Air Passenger Duty reforms announced

Chancellor George Osborne today announced the abolition of Air Passenger Duty bands C and D in his Budget.

The move, which will benefit frequent travellers to Asia Pacific and South America, will see all long-haul flights shift into band B and comes into effect on April 1, 2015.

Currently, APD is calculated according to the distance between London and the destination country’s capital city.

This leaves travellers heading to say, the Caribbean, being charged £330, while those who travel an additional 2,500 miles to Hawaii actually pay less at £270.

Today’s announced change means that all long-haul flights will now carry the same tax as a flight to the US. And private jets will no longer be exempt from the levy.

Virgin Atlantic said in a statement: “A two band APD rate is a very welcome simplification to remove some of the biggest distortions of the current system, which the Chancellor himself admitted is crazy and unjust.

“The Government has rightly recognised the damage APD is having on exporters and the travelling public alike.

“A tax system which penalised high growth emerging economies such as China and India was always contrary to the Government’s stated policy on trade and exports, so this is a positive step that recognises the impact of this economically damaging tax.

“There is a growing body of evidence demonstrating the huge economic benefits to the UK of reducing or abolishing APD and we hope that the Government will continue to go further in the long run.”

Dale Keller, chief executive of the Board of Airline Representatives in the UK, said: “The Government has finally acknowledged what the industry and business knew all along – that the highest rates of aviation tax in the world were a brake on driving the UK’s economic growth with emerging markets.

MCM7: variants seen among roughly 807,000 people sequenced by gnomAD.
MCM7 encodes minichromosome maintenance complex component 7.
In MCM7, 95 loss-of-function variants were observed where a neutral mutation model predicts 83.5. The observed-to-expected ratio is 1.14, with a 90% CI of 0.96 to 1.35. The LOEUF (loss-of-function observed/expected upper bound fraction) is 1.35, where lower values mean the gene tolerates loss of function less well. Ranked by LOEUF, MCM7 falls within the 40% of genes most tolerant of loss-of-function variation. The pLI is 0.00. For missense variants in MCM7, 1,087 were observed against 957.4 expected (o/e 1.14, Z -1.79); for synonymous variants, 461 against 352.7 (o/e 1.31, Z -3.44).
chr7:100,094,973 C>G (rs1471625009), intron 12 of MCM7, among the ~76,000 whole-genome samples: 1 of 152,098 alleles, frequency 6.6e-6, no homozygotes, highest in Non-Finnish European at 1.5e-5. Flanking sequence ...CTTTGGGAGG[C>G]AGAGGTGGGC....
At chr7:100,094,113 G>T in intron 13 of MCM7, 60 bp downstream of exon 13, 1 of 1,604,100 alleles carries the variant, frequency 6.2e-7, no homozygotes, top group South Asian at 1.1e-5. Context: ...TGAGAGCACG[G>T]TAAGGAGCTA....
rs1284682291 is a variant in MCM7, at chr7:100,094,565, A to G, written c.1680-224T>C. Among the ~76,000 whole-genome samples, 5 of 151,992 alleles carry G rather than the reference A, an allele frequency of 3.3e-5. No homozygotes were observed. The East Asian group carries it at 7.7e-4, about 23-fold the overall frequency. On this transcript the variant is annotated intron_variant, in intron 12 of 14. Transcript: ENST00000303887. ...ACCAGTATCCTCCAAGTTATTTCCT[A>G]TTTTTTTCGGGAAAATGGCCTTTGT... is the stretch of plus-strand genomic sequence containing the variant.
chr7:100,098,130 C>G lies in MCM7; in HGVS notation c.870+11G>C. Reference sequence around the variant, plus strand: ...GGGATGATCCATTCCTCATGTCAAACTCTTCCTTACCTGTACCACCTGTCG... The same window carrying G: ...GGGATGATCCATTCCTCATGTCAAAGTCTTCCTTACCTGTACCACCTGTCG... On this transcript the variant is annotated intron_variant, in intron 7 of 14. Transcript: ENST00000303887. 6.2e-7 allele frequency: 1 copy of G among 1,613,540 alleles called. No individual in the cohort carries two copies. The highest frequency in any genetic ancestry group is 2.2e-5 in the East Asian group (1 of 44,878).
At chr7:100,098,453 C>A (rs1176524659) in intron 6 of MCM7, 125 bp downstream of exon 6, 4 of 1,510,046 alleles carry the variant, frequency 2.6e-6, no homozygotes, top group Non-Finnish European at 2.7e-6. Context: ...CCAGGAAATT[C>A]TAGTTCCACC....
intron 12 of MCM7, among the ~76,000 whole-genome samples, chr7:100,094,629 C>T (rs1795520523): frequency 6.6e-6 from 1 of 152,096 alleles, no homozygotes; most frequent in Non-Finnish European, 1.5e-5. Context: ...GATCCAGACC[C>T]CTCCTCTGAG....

“Of course we would like the Chancellor to go further still on reducing APD but this is a step in the right direction and BAR UK will continue its engagement with the Government to deliver the fair and proportionate aviation tax that the UK deserves.”

Business Traveller subscribers can read a feature on the 20th anniversary of APD from our February issue here.

Graham Smith

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  • This tax system has always been bonkers. If you book a return biz class ticket from London to the New York with BA, you are paying roughly £4700.

    Book the same ticket with BA from Amsterdam (via London) to New York, and you are paying €2800 (roughly £2350, plus a return to Amsterdam, as you need to start and end your flight in Amsterdam).

    Yes it’s a pain in the catoshka, and adds at least 3 hours to your journey, but if you want to save almost half the cost of your J class ticket, it’s worthwhile.

  • It should be scrapped

    We need to allow people to visit the UK for 4-7 days without paying for a visa (which can be organised online, with a deposit paid if that is thought necessary for certain individuals). This would have a big impact on attracting people from around the world, especially China. China already do this with their free 72hr visas

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